Between 1904 and 1908, more than 80% of the Herero population and 50% of the Nama population of Namibia were killed by German soldiers.
Situation before the genocide
In the 19th century, Namibia, a country in southern Africa, was populated by several ethnic groups: the San, Damara, Ovambo, Nama and Herero. The Nama and Herero, livestock farmers, were the country’s two main tribes.
In 1884, Germany invaded the Namibian territory and founded the German South West Africa colony. The colonizers’ interest increased after the discovery of diamonds in 1894.
A policy of systematic land confiscation and the arrival of more and more German settlers forced the farmers off their land.
On January 12, 1904, the Herero rebelled. Guided by their leader, Samuel Maherero, they attacked a German garrison at Okahandja.
Progress of the genocide
In June 1904, the German General Lothar von Trotha was sent to Namibia to suppress the Herero revolt. He arrived in Namibia with 10,000 soldiers and a war plan.
On August 11, 1904, at the Battle of Waterberg, German soldiers encircled the Herero and were under the order to take no prisoners. A few thousand Herero nonetheless succeeded in fleeing to the Kalahari Desert. German soldiers poisoned the few waterholes and were under the order to fire on any Herero attempting to return to their land. In just a few weeks, thousands of Herero died of hunger and thirst.
The order to kill all Herero was signed on October 2, 1904 by von Trotha:
“The Herero are no longer German subjects (…). Any Herero sighted within the [Namibian] German borders with or without a weapon, with or without cattle, will be shot. I will no longer accept women and children, but will send them back to their people or let them be slaughtered.”
Herero who survived the desert were imprisoned in concentration camps and enslaved. Thousands of women were victims of sexual violence inflicted by German soldiers.
Dr. Eugene Fischer conducted medical experiments on children born from these rapes. His conclusion was that children born out of bi-racial unions were “inferior” to their German fathers. His research inspired Adolf Hitler and in the 1930s, Fischer taught his racist theories to Nazi doctors. One of his students, Joseph Mengele, was responsible for the medical experiments in the Auschwitz-Birkenau camp.
Surviving Herero after the escape through the arid desert of Omaheke in German South-West Africa (modern day Namibia).© Collection J.B. Gewald/ Courtesy of Vereinigte Evangelische Mission Archiv, Wuppertal.DR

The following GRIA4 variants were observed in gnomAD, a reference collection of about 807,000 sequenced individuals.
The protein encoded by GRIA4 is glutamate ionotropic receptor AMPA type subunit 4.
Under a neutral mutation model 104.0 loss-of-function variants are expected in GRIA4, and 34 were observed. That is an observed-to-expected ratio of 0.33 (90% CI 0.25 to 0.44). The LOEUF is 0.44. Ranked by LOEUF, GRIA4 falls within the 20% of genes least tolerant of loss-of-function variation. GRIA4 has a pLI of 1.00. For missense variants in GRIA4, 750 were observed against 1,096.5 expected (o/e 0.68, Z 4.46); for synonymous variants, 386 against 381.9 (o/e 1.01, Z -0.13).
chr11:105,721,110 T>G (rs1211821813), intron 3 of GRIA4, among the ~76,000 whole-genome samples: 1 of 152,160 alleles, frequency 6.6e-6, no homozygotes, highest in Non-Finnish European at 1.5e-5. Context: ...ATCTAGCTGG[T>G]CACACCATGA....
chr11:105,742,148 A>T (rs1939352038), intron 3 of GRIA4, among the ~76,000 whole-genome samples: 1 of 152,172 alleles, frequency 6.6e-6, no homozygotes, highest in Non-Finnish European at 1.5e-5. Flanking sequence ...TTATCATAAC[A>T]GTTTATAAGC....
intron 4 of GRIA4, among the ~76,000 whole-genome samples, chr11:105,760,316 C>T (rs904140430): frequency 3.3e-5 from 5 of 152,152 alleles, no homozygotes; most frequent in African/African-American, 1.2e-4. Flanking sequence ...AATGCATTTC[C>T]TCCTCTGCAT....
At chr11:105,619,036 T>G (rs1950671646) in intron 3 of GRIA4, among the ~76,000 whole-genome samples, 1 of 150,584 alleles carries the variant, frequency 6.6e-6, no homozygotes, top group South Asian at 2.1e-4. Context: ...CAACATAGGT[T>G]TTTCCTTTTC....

Shark Island, Lüderitz, Namibia. Formerly an island, it is now a peninsula. It was the home of the Shark Island Concentration Camp between 1905 and April 1907, as part of the Herero and Namaqua genocide of 1904–1908. It is now a camping site. © Johan Jönsson, CC
After the genocide
After the First World War, South-West Africa was placed under South Africa’s administration. An apartheid system was created. As of the late 1940s, different groups fought for independence. In 1968, the United Nations recognized the name of Namibia and in 1990, the country finally gained its independence after South Africa’s withdrawal.
Recognition of the Herero genocide
In 1999, substantial mass graves were discovered in the Kalahari Desert. The Herero requested that the presence of victims’ bodies from the 1904 genocide be recognized. The Namibian government, anxious to maintain good relations with the former German colonizers, refused to recognize the site.
In October 2000, the first official meeting between the Herero and the United Nations High Commissioner for Human Rights took place. The genocide was on the road to historical recognition. In 2004, the German government acknowledged its responsibility for the genocide of the Herero, without granting them financial compensation. In 2018, Germany returned remains to Namibia but has yet to formally apologize.
Learn more about genocide
Go to the Shoah Mémorial website to visit the “Le premier génocide du XXe siècle – Herero et Nama dans le Sud-Ouest africain allemand, 1904-1908” virtual exhibition (in French only), which presents the Herero and Nama genocide in further detail.
You can learn more about the subject by reading our article The Ten Stages of Genocide, which outlines the identifiable steps that lead to genocide.
You can also visit our “United Against Genocide: Understand, Question, Prevent” virtual exhibition which takes a closer look at four genocides of the 20th century: the Armenian genocide, the Holocaust, the genocide in Cambodia and the genocide of Tutsis in Rwanda. The exhibition also provides the opportunity to learn more about four contemporary situations of escalating violence: Burundi, Iraq, South Sudan and Myanmar.Visit the Virtual Exhibition